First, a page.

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Opinion: This simple investment can earn you more than 6% without any risk


How do you get guaranteed earnings of 6.7% or more on your money without any risk? Although it sounds very good to be true, that is exactly the opportunity that will be given on November 1st. Investment? Series I Saving Bonds.

IBonds is a 30-year bond issued by the US Treasury, available to anyone opening a free Treasury Direct account. These bonds are the ultimate risk free asset. Supported by the full trust and credit of the US government, they have minimal credit risk. They also provide inflation protection, as their yields are on the inflation index.

I Bond yield is the sum of two factors: a fixed rate and an inflation rate. The fixed rate is set at the time of purchase, and remains fixed for the life of the bond. It is currently 0%, so you can effectively ignore it.

The inflation rate of production adjusts twice a year – the first business days of May and November. The half-yearly inflation rate of I Bonds currently sold is 1.77%. It determines the interest earned over the next six months. Double it and you will get the annual percentage rate (APR) of the bond, which will be 3.54%.

Read: Why you should be skeptical of inflation panic

While 3.54% isn’t bad, the new rate in November is all but certain Lots Superior. My guess is that the bonds I have issued will carry a high yield of at least 6.7% and possibly up to 7.8%. Let me explain.

The rate of inflation is based on the consumer price index for all urban consumers, which I will simply call the CPI. The November rate will be based on a percentage change in CPI from March to September this year. We already know the CPI number for March, which was 264.877. The September CPI will not be released until October 13, but the August number was 273.567.

The CPI is not expected to change in September সাম recent trends are most likely not given-the six-month percentage change will be 3.28%. This corresponds to an APR of 6.56%. The effective annual rate you will earn 6.67%, since I do half the compound bond.

Read: How to give your heirs quick access to your bank account when you die

Most likely, the CPI level in September will be higher than in August. How much? The average monthly increase in CPI is 0.55% year-to-date. If this growth rate is increased, the CPI for September will be 275.072, which is related to the half-yearly inflation rate of 3.85%. The corresponding effective annual rate for I bonds will be 7.85%. It’s not too disgusting, especially considering this return is risk-free.

Of course, the rate will only apply for six months. In May 2022, the rate will be adjusted again. If the Fed’s transient thesis is correct and inflation declines next year, I bond interest rates will fall. On the other hand, if inflation continues or accelerates, I bond yields will remain high and money-market funds and savings accounts will outperform.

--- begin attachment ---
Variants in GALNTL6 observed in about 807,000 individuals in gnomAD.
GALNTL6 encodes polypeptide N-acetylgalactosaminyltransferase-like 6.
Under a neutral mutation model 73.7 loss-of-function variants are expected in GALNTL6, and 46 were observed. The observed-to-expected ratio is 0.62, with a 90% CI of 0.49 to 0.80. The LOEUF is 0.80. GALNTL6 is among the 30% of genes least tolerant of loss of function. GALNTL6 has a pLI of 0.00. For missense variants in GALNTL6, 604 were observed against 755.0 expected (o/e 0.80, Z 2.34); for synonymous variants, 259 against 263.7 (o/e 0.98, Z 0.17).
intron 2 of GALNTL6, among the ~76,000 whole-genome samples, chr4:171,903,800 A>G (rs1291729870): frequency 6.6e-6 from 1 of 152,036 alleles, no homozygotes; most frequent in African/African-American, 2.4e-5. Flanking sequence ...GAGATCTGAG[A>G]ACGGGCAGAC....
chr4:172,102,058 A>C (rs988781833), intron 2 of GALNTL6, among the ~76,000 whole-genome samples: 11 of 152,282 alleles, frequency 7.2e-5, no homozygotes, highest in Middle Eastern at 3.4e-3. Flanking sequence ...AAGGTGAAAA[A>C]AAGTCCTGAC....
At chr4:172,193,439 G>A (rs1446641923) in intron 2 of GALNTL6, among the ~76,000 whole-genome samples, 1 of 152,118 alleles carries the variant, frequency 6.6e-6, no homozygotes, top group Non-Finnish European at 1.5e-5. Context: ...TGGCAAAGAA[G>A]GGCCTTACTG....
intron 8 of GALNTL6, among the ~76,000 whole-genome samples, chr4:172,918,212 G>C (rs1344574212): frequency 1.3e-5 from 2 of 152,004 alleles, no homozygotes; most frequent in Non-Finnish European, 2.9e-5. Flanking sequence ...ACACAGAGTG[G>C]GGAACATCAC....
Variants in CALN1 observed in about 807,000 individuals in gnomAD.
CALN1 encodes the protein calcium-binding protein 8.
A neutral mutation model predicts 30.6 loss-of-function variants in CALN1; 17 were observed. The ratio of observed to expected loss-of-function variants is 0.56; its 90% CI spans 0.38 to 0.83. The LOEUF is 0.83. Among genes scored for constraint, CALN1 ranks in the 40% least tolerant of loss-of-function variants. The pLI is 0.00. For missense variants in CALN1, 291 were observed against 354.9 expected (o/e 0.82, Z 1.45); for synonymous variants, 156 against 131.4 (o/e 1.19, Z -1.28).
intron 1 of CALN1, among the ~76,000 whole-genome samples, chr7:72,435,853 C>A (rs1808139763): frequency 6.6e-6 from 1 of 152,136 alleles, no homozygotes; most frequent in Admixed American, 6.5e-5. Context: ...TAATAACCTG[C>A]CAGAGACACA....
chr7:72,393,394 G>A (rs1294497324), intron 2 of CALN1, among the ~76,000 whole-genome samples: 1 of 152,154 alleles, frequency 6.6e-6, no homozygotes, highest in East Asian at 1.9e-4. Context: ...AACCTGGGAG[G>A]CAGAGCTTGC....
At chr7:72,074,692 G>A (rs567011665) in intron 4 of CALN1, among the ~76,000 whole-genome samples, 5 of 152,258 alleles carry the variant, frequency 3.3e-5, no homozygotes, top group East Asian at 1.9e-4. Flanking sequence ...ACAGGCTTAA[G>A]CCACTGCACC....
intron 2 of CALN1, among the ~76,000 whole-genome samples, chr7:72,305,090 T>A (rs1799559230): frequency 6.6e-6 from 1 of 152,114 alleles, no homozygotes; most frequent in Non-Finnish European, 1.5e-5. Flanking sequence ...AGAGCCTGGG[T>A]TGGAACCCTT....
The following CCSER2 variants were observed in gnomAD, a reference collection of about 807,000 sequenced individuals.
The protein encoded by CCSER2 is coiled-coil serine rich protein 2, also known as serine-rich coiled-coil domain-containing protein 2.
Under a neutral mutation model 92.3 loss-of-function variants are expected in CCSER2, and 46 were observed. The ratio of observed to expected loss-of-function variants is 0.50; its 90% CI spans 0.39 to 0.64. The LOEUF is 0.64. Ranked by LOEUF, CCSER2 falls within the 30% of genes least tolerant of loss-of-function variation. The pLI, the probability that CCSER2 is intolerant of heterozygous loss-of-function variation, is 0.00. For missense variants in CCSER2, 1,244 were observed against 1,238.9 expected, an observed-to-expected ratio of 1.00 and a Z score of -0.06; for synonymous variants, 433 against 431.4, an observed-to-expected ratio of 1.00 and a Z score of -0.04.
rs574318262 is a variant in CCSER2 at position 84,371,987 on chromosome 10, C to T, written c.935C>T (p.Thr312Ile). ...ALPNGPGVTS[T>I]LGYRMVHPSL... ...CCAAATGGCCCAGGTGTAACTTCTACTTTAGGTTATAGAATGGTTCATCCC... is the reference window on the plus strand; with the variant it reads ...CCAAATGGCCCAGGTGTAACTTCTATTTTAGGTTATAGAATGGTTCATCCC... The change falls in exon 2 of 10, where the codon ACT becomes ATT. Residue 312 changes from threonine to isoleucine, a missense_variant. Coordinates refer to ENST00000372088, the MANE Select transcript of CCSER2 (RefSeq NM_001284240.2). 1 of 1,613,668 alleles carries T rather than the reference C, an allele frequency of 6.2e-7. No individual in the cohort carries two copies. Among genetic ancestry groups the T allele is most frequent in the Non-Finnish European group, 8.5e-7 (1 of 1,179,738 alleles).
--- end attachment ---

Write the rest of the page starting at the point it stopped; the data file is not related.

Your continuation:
Another bonus: Unlike TIPS, or Treasury inflation-protected securities, I bonds are protected against capital losses. Upon entering a savings account, the original value of the I bond may only increase. In a situation where inflation is negative, the rate of inflation in I bonds can never go below zero.

Eye bonds must be held for a minimum of one year after purchase. If you redeem an I bond before the age of five, you will lose interest for the last three months. Assuming an interest rate of 6.67%, selling early will reduce your return by 5% for the last 12 months.

How many bonds can you buy? The annual limit per person is $ 10,000. This means that a married couple with two children can buy up to a total of $ 40,000. If that family has a trust, an additional $ 10,000 can be purchased in the name of the trust, for I 50,000 per year for an I bond. Remember, if you bought an I bond for a child through a custody account, it constitutes an irreplaceable gift.

Read: Should I convert Roth to IRA before Congress bans them?

I also enjoy favorable tax treatment on bonds. Interest is subject to federal income tax, but exempt from state and local taxes. You can suspend reporting interest on your federal tax return until you have cash or bond maturity on your bond. If you hold an I bond for maturity, it is a 30-year tax-deferred growth. Speaking of taxes, you can buy up to an additional 5,000 Paper I bond every year using your federal tax refund.

If you are considering an I bond, I would recommend waiting until November 1, when the interest rate will be reset to a much higher level. Just don’t expect most advisors to recommend them. I bonds are only available through TreasuryDirect.gov – commission-free available or when you file your tax return. As such, your advisor can make you a small profit by investing in these wonderful bonds.

This column was first published in Humble Dollars. It has been republished with permission.

John Lim is a physician and author of “How to Raise Your Child’s Financial IQ,” which is available in both a free PDF and a Kindle version. Follow John on Twitter T John Tilim And see his previous articles.





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